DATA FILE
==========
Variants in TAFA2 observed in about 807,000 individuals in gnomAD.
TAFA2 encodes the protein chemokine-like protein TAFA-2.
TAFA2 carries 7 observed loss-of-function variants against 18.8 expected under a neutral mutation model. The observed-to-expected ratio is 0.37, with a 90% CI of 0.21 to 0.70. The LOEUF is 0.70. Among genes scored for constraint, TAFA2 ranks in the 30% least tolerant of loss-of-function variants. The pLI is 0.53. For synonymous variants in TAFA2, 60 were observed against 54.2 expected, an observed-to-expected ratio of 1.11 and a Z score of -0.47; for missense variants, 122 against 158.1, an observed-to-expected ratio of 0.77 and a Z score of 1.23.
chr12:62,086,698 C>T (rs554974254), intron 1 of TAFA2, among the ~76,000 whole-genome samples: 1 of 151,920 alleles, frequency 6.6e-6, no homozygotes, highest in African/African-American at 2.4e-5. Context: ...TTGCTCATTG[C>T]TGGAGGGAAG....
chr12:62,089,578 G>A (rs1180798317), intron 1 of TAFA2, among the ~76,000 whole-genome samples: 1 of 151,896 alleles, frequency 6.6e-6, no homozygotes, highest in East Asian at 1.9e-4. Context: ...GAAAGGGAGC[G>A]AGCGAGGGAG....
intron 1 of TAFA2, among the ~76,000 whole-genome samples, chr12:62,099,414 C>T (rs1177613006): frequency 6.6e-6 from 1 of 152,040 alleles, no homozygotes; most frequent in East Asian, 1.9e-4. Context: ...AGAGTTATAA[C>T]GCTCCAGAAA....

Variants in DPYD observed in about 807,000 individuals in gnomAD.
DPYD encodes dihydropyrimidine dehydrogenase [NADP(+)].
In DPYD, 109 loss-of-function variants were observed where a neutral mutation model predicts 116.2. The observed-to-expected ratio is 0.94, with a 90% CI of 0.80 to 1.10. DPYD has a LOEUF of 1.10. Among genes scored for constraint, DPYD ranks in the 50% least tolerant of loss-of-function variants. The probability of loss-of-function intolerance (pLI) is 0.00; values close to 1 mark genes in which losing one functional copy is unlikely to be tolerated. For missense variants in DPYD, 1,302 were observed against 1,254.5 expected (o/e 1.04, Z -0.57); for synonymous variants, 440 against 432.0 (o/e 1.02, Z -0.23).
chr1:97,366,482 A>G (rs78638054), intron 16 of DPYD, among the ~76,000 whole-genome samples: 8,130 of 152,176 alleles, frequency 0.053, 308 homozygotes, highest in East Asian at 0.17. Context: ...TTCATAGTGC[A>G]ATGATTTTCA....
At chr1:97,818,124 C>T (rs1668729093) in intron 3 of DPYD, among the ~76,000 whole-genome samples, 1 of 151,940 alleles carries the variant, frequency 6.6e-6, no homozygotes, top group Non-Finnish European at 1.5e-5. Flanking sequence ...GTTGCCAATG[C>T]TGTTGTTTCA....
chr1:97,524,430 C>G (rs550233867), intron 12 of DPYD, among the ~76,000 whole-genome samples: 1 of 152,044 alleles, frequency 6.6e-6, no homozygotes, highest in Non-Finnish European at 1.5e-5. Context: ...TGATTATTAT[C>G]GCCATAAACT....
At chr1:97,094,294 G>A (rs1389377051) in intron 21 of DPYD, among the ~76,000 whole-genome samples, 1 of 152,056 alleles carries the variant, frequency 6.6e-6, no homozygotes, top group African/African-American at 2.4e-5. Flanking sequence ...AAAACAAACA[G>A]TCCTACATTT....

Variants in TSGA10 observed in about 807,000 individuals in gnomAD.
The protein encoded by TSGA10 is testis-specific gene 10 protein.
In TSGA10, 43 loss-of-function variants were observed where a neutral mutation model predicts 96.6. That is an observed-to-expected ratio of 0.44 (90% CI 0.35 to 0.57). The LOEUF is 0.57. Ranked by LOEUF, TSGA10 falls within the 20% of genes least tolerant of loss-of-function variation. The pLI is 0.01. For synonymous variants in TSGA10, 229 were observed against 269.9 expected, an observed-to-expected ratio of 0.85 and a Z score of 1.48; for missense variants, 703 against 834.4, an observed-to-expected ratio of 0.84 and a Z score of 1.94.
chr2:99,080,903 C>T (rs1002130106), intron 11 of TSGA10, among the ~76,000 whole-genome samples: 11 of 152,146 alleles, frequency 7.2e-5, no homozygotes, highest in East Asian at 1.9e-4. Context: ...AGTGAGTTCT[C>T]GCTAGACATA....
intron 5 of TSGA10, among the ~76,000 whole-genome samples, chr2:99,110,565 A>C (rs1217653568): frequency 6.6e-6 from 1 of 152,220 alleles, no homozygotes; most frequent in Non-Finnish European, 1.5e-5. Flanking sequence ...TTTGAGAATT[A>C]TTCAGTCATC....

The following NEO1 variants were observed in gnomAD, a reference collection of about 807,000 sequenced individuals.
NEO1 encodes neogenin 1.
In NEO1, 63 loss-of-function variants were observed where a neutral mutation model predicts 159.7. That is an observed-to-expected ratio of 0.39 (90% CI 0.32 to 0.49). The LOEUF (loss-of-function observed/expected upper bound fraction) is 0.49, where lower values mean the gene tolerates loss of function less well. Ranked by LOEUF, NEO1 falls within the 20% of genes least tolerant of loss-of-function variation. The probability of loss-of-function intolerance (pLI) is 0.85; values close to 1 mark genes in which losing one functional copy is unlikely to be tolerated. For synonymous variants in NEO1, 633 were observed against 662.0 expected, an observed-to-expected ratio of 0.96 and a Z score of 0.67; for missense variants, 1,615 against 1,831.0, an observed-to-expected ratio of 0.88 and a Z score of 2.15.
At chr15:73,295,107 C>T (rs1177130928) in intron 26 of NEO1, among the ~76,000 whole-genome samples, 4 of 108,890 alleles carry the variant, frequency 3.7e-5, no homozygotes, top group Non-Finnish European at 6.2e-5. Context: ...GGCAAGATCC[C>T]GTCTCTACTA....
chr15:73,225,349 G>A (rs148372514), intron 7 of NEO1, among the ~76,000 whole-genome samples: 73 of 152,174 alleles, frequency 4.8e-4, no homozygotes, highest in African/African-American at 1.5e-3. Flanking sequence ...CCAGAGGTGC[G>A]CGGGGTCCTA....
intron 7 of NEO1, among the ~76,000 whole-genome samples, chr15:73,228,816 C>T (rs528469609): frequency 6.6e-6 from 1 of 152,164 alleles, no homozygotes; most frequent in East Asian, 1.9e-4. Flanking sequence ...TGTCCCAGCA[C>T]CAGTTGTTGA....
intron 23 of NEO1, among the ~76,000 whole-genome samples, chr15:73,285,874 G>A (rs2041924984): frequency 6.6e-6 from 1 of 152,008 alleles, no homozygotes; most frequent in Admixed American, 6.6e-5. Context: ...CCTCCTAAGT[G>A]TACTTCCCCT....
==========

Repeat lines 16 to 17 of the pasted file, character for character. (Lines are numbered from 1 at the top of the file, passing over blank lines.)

In TSGA10, 43 loss-of-function variants were observed where a neutral mutation model predicts 96.6. That is an observed-to-expected ratio of 0.44 (90% CI 0.35 to 0.57). The LOEUF is 0.57. Ranked by LOEUF, TSGA10 falls within the 20% of genes least tolerant of loss-of-function variation. The pLI is 0.01. For synonymous variants in TSGA10, 229 were observed against 269.9 expected, an observed-to-expected ratio of 0.85 and a Z score of 1.48; for missense variants, 703 against 834.4, an observed-to-expected ratio of 0.84 and a Z score of 1.94.
chr2:99,080,903 C>T (rs1002130106), intron 11 of TSGA10, among the ~76,000 whole-genome samples: 11 of 152,146 alleles, frequency 7.2e-5, no homozygotes, highest in East Asian at 1.9e-4. Context: ...AGTGAGTTCT[C>T]GCTAGACATA....